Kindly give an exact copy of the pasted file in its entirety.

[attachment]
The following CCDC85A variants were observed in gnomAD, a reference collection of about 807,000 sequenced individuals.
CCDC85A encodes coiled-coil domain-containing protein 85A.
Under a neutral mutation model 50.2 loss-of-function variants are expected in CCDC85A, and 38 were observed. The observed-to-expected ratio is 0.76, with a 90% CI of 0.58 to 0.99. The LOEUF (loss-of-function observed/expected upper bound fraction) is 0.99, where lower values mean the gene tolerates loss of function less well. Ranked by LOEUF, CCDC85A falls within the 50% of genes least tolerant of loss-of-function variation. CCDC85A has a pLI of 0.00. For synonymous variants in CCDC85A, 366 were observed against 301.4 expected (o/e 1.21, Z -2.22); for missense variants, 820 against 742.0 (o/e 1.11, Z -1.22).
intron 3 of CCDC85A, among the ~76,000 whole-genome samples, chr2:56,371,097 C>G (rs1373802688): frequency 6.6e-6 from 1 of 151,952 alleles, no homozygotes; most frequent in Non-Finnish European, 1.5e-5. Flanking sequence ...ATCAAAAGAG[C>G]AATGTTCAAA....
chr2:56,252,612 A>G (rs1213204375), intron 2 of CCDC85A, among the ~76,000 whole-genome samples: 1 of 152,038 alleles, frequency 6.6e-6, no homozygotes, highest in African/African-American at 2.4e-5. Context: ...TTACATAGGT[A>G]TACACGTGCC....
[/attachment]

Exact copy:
The following CCDC85A variants were observed in gnomAD, a reference collection of about 807,000 sequenced individuals.
CCDC85A encodes coiled-coil domain-containing protein 85A.
Under a neutral mutation model 50.2 loss-of-function variants are expected in CCDC85A, and 38 were observed. The observed-to-expected ratio is 0.76, with a 90% CI of 0.58 to 0.99. The LOEUF (loss-of-function observed/expected upper bound fraction) is 0.99, where lower values mean the gene tolerates loss of function less well. Ranked by LOEUF, CCDC85A falls within the 50% of genes least tolerant of loss-of-function variation. CCDC85A has a pLI of 0.00. For synonymous variants in CCDC85A, 366 were observed against 301.4 expected (o/e 1.21, Z -2.22); for missense variants, 820 against 742.0 (o/e 1.11, Z -1.22).
intron 3 of CCDC85A, among the ~76,000 whole-genome samples, chr2:56,371,097 C>G (rs1373802688): frequency 6.6e-6 from 1 of 151,952 alleles, no homozygotes; most frequent in Non-Finnish European, 1.5e-5. Flanking sequence ...ATCAAAAGAG[C>G]AATGTTCAAA....
chr2:56,252,612 A>G (rs1213204375), intron 2 of CCDC85A, among the ~76,000 whole-genome samples: 1 of 152,038 alleles, frequency 6.6e-6, no homozygotes, highest in African/African-American at 2.4e-5. Context: ...TTACATAGGT[A>G]TACACGTGCC....